Happy New Year, 2022

When I first considered writing this article, I briefly thought about calling it just “New Year, 2022.” This would be my snarky comment about the state of the continuing pandemic, our national politics, climate disasters, and just about everything else. My terse title would say: nope, not expecting happy things this year either. Almost immediately, though, I remembered that snarky and cynical don’t look well on me. More importantly, I see that all jumbled up with my weariness and anxiety are bits of happiness (or contentment or, at least, acceptance).*

January 31 As it is, I have put off finishing this post until the last day of the month. Luckily, Lunar New Year is beginning, so I am coming in just under the wire. Here is a list of things that make me feel better about going into a new year. I need this list to remind myself of all the good parts of my life.

The people abide. I walk by playgrounds and I see children playing as they always do. Parents are keeping an eye on the kids as parents do. Every time we go to the National Mall, Tom and I see people enjoying the museums, gardens, the ice rink, and food trucks. Despite the continual dose of disturbing news–let alone the wars and rumors of wars–I see helpers and kind people around me every day. I see the workers at my condo and my local grocery store, and those who seek out and help all the lost and lonely ones.

Mosaic Park, Arlington, Virginia

My county still has heart. Tom and I first moved to Arlington County, Virginia in June 1978 and have lived here on an off since. Our children went to school here. In the 1980s we lived a couple blocks from Arlington CentraI Library where I worked part-time. Later I taught immigrants and refugees in Arlington. We were here on September 11, 2001 and saw the Pentagon burning. Again, three decades later, we live a couple blocks from Central Library. Now, in Covid times, Central Library has free WiFi for all in the parking lot, a food pantry, a vegetable patch, and is surrounded by a native plant garden. Most importantly, perhaps, is the library’s strong stand as a safe place for everyone in the community.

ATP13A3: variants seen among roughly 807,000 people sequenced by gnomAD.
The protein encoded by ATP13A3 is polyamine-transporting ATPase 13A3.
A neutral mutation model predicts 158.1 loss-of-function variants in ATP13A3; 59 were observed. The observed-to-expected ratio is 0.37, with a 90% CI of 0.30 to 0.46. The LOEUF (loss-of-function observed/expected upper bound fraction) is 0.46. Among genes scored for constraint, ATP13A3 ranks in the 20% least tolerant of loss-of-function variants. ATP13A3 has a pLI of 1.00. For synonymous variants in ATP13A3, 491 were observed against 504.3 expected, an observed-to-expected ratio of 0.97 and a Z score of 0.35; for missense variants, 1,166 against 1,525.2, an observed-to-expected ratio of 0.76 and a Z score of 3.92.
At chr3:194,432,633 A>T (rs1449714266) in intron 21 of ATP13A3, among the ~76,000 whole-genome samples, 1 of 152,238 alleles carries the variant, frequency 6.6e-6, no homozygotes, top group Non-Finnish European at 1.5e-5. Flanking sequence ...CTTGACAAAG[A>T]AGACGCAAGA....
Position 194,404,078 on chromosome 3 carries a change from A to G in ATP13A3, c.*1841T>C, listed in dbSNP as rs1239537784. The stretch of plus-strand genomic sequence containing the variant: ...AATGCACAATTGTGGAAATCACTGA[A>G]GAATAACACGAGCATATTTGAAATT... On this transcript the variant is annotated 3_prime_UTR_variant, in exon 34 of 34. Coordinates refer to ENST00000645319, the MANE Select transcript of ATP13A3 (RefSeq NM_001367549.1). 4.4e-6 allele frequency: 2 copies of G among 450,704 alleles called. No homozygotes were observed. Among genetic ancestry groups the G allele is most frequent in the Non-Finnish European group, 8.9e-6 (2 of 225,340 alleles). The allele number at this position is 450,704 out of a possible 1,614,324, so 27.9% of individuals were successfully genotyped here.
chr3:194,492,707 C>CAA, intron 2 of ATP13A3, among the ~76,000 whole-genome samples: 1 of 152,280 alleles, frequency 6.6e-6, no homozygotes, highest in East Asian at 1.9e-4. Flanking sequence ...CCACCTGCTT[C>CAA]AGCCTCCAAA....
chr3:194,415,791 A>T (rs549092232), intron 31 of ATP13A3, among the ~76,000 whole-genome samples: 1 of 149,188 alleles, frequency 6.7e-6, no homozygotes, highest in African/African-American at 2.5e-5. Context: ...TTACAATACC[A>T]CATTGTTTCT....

Arlington Central Library, Arlington, Virginia

Nature comforts me. I find both wonder and solace in the plants, animals, rocks, and sky that I encounter.

sycamore, Theodore Roosevelt Island
oak tree, Arlington, VA
frog at Long Branch Nature Center
Shenandoah National Park, 2021

Dawn comes. Every day we see the morning light. We follow that light through the day until it is evening. All the light warms us.

dawn comes

We have family, friends, music, and food. I remember the many good parts of my life. I also remember those who have gone. I have listened to Tom play Mozart sonatas almost every day of the pandemic and I feel lucky. It’s the time of year when I remember “Auld Lang Syne.” I shiver or cry or both when I hear the song. I want and need that cup.

For old acquaintance be forgot
And never brought to mind
Should old acquaintance be forgot
In the days of auld lang syne?

For auld lang syne, my dear
For auld lang syne
We’ll drink a cup of kindness yet
For the sake of auld lang syne

Hope is still around here somewhere. So many words from the wise ones exhort people to live for the day, be in the present, etc. I am on board with that-not that I can do it all that much. I still spend plenty of emotional time in the past and the future, and I am not sure that is all bad. Just a couple of weeks ago, I made camping reservations for early June in Arizona and Utah. Tom and I don’t know how we will feel or how things will be shaping up with the pandemic. We don’t know much of anything. However, we remember the places and people we love from the old days. Maybe we can get to the North Rim another time. Maybe we can visit Capitol Reef and camp on the Aquarius Plateau. Maybe we can go back to Fishlake National Forest and be near Pando (a clonal colony of quaking aspen considered by some to be the largest single living organism on earth) one more time. Maybe we will drink a cup of kindness again with the friends of our youth (now of our age). I am hoping.

I recently bought a new head lamp. I am hoping it will lead me through dark nights to bright dawns.

my new headlamp

*If I were grading this essay, I would comment on the need for more specific language than “happiness” or “contentment.” I hope the examples and the photos add some heft to the words. Happy New Year! (Added 1/31/2022: Chúc mừng năm mới).

4 thoughts on “Happy New Year, 2022

  1. Suzanne Plummer

    This is so beautifully written Lynda! I love this and it was just what I needed to hear. I too see so much kindness and humanity around me and think this is a new kind of New Year. Thanks for writing this! Happy New Year to you!

    Sent from my iPhone

    >

    Reply
    1. lyndaterrill Post author

      Thanks for your kind words, Suzanne. Sometimes I forget to see the kindness and humanity, but whenever I look up and out of myself I see it all around. Happy New Year!

      Reply

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